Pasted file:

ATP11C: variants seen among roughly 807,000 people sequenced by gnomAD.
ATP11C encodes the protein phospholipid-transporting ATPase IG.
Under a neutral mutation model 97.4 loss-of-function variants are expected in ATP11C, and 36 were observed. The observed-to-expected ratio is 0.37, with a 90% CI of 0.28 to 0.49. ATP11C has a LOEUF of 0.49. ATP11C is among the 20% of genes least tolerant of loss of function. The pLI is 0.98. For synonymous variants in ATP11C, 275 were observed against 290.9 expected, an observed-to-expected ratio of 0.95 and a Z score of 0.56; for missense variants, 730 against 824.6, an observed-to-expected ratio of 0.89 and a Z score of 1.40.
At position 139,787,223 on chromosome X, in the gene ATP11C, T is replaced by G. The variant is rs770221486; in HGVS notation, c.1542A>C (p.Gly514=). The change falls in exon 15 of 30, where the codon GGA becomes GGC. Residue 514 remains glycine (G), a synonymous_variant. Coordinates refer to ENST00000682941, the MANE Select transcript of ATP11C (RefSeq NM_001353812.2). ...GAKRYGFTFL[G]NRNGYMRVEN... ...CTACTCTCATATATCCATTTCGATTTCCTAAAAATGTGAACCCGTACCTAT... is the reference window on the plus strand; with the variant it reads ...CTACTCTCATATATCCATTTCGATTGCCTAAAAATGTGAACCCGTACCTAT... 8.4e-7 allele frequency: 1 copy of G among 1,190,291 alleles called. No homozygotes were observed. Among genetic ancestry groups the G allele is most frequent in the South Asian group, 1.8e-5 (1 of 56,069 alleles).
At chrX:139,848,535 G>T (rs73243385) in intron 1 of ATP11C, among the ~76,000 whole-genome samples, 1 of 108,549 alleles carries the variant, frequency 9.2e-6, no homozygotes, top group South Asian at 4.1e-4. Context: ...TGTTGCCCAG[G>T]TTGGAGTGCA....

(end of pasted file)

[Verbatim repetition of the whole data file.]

ATP11C: variants seen among roughly 807,000 people sequenced by gnomAD.
ATP11C encodes the protein phospholipid-transporting ATPase IG.
Under a neutral mutation model 97.4 loss-of-function variants are expected in ATP11C, and 36 were observed. The observed-to-expected ratio is 0.37, with a 90% CI of 0.28 to 0.49. ATP11C has a LOEUF of 0.49. ATP11C is among the 20% of genes least tolerant of loss of function. The pLI is 0.98. For synonymous variants in ATP11C, 275 were observed against 290.9 expected, an observed-to-expected ratio of 0.95 and a Z score of 0.56; for missense variants, 730 against 824.6, an observed-to-expected ratio of 0.89 and a Z score of 1.40.
At position 139,787,223 on chromosome X, in the gene ATP11C, T is replaced by G. The variant is rs770221486; in HGVS notation, c.1542A>C (p.Gly514=). The change falls in exon 15 of 30, where the codon GGA becomes GGC. Residue 514 remains glycine (G), a synonymous_variant. Coordinates refer to ENST00000682941, the MANE Select transcript of ATP11C (RefSeq NM_001353812.2). ...GAKRYGFTFL[G]NRNGYMRVEN... ...CTACTCTCATATATCCATTTCGATTTCCTAAAAATGTGAACCCGTACCTAT... is the reference window on the plus strand; with the variant it reads ...CTACTCTCATATATCCATTTCGATTGCCTAAAAATGTGAACCCGTACCTAT... 8.4e-7 allele frequency: 1 copy of G among 1,190,291 alleles called. No homozygotes were observed. Among genetic ancestry groups the G allele is most frequent in the South Asian group, 1.8e-5 (1 of 56,069 alleles).
At chrX:139,848,535 G>T (rs73243385) in intron 1 of ATP11C, among the ~76,000 whole-genome samples, 1 of 108,549 alleles carries the variant, frequency 9.2e-6, no homozygotes, top group South Asian at 4.1e-4. Context: ...TGTTGCCCAG[G>T]TTGGAGTGCA....